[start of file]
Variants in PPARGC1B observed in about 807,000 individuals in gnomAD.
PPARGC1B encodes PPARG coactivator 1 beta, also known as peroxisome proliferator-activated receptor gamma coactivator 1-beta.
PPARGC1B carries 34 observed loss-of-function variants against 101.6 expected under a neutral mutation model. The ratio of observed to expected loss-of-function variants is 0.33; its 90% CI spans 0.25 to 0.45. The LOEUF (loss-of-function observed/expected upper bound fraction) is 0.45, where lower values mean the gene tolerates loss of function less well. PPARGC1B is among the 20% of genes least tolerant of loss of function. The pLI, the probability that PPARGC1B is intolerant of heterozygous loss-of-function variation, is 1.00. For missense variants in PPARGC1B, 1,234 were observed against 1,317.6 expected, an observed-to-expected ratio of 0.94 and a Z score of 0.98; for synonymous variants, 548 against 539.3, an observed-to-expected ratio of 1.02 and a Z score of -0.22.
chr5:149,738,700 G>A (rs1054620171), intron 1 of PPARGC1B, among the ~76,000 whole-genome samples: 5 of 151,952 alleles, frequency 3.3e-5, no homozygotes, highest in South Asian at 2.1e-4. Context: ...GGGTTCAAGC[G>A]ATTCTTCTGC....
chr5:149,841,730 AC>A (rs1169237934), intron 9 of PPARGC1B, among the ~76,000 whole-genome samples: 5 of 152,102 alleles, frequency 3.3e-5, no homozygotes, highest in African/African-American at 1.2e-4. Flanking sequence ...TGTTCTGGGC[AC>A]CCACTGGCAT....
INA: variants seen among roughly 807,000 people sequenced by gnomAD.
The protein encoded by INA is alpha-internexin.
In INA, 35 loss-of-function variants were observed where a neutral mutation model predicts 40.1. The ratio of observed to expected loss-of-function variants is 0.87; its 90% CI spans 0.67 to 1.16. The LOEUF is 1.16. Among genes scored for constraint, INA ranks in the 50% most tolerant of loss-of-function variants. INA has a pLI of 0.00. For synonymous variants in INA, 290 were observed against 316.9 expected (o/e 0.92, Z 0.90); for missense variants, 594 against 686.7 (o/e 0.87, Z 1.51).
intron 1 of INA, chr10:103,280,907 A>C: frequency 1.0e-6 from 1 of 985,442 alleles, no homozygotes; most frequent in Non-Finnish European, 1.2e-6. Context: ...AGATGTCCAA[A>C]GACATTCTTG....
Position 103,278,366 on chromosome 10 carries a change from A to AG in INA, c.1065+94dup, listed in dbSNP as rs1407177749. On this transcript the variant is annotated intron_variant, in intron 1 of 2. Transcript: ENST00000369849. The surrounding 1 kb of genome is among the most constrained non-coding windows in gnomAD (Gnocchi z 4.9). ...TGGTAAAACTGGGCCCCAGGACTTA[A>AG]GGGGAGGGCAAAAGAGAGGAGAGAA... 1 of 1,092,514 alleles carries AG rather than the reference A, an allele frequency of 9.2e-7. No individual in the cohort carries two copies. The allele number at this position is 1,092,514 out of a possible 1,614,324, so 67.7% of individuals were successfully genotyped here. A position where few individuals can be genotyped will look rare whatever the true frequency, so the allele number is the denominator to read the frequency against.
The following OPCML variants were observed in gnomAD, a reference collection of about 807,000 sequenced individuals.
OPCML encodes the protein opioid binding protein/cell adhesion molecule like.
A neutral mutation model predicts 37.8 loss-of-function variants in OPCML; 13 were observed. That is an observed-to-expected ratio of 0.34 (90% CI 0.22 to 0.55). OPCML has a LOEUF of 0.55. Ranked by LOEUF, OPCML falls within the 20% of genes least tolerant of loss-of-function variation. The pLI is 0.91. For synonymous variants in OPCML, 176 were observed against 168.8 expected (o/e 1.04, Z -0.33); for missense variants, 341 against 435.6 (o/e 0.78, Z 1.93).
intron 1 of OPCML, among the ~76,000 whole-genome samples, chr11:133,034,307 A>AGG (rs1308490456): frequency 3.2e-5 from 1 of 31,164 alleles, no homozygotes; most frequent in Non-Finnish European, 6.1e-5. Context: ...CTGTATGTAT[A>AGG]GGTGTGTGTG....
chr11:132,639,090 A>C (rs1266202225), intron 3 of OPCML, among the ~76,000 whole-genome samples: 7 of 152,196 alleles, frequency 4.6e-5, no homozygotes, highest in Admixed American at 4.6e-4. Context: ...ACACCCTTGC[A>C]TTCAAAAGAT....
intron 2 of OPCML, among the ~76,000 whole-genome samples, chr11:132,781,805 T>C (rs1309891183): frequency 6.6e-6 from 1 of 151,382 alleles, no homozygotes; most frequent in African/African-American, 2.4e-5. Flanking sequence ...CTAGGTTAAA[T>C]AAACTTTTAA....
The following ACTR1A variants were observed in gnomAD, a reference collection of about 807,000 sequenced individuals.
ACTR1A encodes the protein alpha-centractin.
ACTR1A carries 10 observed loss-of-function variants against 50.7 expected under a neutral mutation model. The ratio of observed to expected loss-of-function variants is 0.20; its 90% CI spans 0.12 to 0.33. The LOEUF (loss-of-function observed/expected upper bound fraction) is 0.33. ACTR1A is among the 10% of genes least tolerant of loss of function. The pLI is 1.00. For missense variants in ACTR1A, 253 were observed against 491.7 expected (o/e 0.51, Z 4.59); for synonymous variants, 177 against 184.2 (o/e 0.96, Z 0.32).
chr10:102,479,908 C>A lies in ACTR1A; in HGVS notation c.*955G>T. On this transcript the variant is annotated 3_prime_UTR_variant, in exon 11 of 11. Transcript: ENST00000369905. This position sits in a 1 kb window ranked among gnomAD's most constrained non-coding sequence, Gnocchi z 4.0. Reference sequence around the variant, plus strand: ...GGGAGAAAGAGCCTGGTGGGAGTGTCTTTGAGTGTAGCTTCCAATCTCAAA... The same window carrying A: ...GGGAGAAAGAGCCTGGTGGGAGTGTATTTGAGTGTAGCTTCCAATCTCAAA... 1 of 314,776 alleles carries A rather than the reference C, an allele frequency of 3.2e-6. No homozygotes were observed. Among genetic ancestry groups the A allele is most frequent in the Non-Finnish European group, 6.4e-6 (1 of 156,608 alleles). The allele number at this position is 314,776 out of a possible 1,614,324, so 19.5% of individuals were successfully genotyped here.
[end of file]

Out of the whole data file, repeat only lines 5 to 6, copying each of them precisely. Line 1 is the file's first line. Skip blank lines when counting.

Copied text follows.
chr5:149,841,730 AC>A (rs1169237934), intron 9 of PPARGC1B, among the ~76,000 whole-genome samples: 5 of 152,102 alleles, frequency 3.3e-5, no homozygotes, highest in African/African-American at 1.2e-4. Flanking sequence ...TGTTCTGGGC[AC>A]CCACTGGCAT....
INA: variants seen among roughly 807,000 people sequenced by gnomAD.